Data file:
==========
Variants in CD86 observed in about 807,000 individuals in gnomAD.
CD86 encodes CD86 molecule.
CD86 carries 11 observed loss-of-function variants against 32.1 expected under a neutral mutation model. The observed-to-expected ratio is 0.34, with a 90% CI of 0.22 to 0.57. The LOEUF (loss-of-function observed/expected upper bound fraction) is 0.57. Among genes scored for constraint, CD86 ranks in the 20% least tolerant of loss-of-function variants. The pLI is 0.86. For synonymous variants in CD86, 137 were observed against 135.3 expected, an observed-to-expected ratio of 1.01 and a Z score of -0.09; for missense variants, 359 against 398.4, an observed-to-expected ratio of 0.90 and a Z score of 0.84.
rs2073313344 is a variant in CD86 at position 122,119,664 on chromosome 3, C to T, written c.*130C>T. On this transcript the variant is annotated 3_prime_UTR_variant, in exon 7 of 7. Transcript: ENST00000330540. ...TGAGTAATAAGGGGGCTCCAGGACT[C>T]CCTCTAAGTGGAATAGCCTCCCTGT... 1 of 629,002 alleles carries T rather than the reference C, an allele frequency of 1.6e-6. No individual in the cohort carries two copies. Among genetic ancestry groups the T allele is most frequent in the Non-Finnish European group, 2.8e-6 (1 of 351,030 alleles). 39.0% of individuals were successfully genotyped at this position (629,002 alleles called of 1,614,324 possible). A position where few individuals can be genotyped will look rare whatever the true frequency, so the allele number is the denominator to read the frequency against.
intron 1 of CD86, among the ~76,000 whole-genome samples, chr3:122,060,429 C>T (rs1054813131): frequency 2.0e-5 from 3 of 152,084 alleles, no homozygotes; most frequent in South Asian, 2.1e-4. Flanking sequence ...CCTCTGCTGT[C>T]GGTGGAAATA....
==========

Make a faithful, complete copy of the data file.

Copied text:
Variants in CD86 observed in about 807,000 individuals in gnomAD.
CD86 encodes CD86 molecule.
CD86 carries 11 observed loss-of-function variants against 32.1 expected under a neutral mutation model. The observed-to-expected ratio is 0.34, with a 90% CI of 0.22 to 0.57. The LOEUF (loss-of-function observed/expected upper bound fraction) is 0.57. Among genes scored for constraint, CD86 ranks in the 20% least tolerant of loss-of-function variants. The pLI is 0.86. For synonymous variants in CD86, 137 were observed against 135.3 expected, an observed-to-expected ratio of 1.01 and a Z score of -0.09; for missense variants, 359 against 398.4, an observed-to-expected ratio of 0.90 and a Z score of 0.84.
rs2073313344 is a variant in CD86 at position 122,119,664 on chromosome 3, C to T, written c.*130C>T. On this transcript the variant is annotated 3_prime_UTR_variant, in exon 7 of 7. Transcript: ENST00000330540. ...TGAGTAATAAGGGGGCTCCAGGACT[C>T]CCTCTAAGTGGAATAGCCTCCCTGT... 1 of 629,002 alleles carries T rather than the reference C, an allele frequency of 1.6e-6. No individual in the cohort carries two copies. Among genetic ancestry groups the T allele is most frequent in the Non-Finnish European group, 2.8e-6 (1 of 351,030 alleles). 39.0% of individuals were successfully genotyped at this position (629,002 alleles called of 1,614,324 possible). A position where few individuals can be genotyped will look rare whatever the true frequency, so the allele number is the denominator to read the frequency against.
intron 1 of CD86, among the ~76,000 whole-genome samples, chr3:122,060,429 C>T (rs1054813131): frequency 2.0e-5 from 3 of 152,084 alleles, no homozygotes; most frequent in South Asian, 2.1e-4. Flanking sequence ...CCTCTGCTGT[C>T]GGTGGAAATA....